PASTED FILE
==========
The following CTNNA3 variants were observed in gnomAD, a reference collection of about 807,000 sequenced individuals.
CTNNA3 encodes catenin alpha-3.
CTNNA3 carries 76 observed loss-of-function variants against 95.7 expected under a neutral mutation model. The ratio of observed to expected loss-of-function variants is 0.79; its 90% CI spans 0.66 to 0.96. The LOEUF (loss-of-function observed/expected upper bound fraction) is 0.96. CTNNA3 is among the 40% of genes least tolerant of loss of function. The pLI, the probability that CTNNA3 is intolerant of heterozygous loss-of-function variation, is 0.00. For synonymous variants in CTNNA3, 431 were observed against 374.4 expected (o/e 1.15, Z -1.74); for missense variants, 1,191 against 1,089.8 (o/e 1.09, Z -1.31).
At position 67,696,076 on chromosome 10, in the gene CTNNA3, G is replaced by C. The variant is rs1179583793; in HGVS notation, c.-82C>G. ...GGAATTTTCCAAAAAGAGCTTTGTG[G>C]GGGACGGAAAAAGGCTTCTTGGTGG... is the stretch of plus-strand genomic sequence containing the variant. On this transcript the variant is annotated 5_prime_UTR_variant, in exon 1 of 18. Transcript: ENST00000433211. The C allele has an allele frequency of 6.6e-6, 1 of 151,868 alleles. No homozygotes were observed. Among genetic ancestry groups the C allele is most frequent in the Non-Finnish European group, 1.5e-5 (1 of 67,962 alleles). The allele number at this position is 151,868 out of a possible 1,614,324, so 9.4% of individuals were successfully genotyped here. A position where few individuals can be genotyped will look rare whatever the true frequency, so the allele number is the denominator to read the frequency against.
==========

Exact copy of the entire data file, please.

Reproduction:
The following CTNNA3 variants were observed in gnomAD, a reference collection of about 807,000 sequenced individuals.
CTNNA3 encodes catenin alpha-3.
CTNNA3 carries 76 observed loss-of-function variants against 95.7 expected under a neutral mutation model. The ratio of observed to expected loss-of-function variants is 0.79; its 90% CI spans 0.66 to 0.96. The LOEUF (loss-of-function observed/expected upper bound fraction) is 0.96. CTNNA3 is among the 40% of genes least tolerant of loss of function. The pLI, the probability that CTNNA3 is intolerant of heterozygous loss-of-function variation, is 0.00. For synonymous variants in CTNNA3, 431 were observed against 374.4 expected (o/e 1.15, Z -1.74); for missense variants, 1,191 against 1,089.8 (o/e 1.09, Z -1.31).
At position 67,696,076 on chromosome 10, in the gene CTNNA3, G is replaced by C. The variant is rs1179583793; in HGVS notation, c.-82C>G. ...GGAATTTTCCAAAAAGAGCTTTGTG[G>C]GGGACGGAAAAAGGCTTCTTGGTGG... is the stretch of plus-strand genomic sequence containing the variant. On this transcript the variant is annotated 5_prime_UTR_variant, in exon 1 of 18. Transcript: ENST00000433211. The C allele has an allele frequency of 6.6e-6, 1 of 151,868 alleles. No homozygotes were observed. Among genetic ancestry groups the C allele is most frequent in the Non-Finnish European group, 1.5e-5 (1 of 67,962 alleles). The allele number at this position is 151,868 out of a possible 1,614,324, so 9.4% of individuals were successfully genotyped here. A position where few individuals can be genotyped will look rare whatever the true frequency, so the allele number is the denominator to read the frequency against.